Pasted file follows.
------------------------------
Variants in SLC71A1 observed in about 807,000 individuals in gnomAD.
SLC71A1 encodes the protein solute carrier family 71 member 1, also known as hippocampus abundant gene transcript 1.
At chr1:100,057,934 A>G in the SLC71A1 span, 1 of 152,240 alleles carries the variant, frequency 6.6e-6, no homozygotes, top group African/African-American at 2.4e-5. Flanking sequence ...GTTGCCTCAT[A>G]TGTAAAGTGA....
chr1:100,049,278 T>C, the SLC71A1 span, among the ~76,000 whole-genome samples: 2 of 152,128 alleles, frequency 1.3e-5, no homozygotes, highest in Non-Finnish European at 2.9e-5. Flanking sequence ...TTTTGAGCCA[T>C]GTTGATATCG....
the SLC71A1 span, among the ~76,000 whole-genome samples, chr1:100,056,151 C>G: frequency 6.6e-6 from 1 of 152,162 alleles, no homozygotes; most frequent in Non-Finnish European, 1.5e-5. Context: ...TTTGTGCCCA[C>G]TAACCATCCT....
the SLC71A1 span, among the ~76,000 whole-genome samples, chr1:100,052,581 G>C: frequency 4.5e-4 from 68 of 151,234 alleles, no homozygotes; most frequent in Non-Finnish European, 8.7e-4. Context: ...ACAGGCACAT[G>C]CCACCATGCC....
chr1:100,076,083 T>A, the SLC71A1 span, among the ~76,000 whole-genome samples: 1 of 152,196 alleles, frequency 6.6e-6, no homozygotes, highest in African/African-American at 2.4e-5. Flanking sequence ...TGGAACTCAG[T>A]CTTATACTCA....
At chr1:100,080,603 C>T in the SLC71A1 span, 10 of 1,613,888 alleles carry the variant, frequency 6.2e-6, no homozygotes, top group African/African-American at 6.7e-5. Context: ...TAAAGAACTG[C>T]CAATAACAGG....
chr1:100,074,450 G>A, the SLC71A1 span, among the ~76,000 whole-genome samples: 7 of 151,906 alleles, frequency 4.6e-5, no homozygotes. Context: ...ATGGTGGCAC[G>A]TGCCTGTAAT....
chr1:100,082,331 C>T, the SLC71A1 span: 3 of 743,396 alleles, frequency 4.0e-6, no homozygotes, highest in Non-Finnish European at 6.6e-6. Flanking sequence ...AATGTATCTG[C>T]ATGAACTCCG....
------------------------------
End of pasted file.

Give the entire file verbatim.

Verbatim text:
Variants in SLC71A1 observed in about 807,000 individuals in gnomAD.
SLC71A1 encodes the protein solute carrier family 71 member 1, also known as hippocampus abundant gene transcript 1.
At chr1:100,057,934 A>G in the SLC71A1 span, 1 of 152,240 alleles carries the variant, frequency 6.6e-6, no homozygotes, top group African/African-American at 2.4e-5. Flanking sequence ...GTTGCCTCAT[A>G]TGTAAAGTGA....
chr1:100,049,278 T>C, the SLC71A1 span, among the ~76,000 whole-genome samples: 2 of 152,128 alleles, frequency 1.3e-5, no homozygotes, highest in Non-Finnish European at 2.9e-5. Flanking sequence ...TTTTGAGCCA[T>C]GTTGATATCG....
the SLC71A1 span, among the ~76,000 whole-genome samples, chr1:100,056,151 C>G: frequency 6.6e-6 from 1 of 152,162 alleles, no homozygotes; most frequent in Non-Finnish European, 1.5e-5. Context: ...TTTGTGCCCA[C>G]TAACCATCCT....
the SLC71A1 span, among the ~76,000 whole-genome samples, chr1:100,052,581 G>C: frequency 4.5e-4 from 68 of 151,234 alleles, no homozygotes; most frequent in Non-Finnish European, 8.7e-4. Context: ...ACAGGCACAT[G>C]CCACCATGCC....
chr1:100,076,083 T>A, the SLC71A1 span, among the ~76,000 whole-genome samples: 1 of 152,196 alleles, frequency 6.6e-6, no homozygotes, highest in African/African-American at 2.4e-5. Flanking sequence ...TGGAACTCAG[T>A]CTTATACTCA....
At chr1:100,080,603 C>T in the SLC71A1 span, 10 of 1,613,888 alleles carry the variant, frequency 6.2e-6, no homozygotes, top group African/African-American at 6.7e-5. Context: ...TAAAGAACTG[C>T]CAATAACAGG....
chr1:100,074,450 G>A, the SLC71A1 span, among the ~76,000 whole-genome samples: 7 of 151,906 alleles, frequency 4.6e-5, no homozygotes. Context: ...ATGGTGGCAC[G>A]TGCCTGTAAT....
chr1:100,082,331 C>T, the SLC71A1 span: 3 of 743,396 alleles, frequency 4.0e-6, no homozygotes, highest in Non-Finnish European at 6.6e-6. Flanking sequence ...AATGTATCTG[C>T]ATGAACTCCG....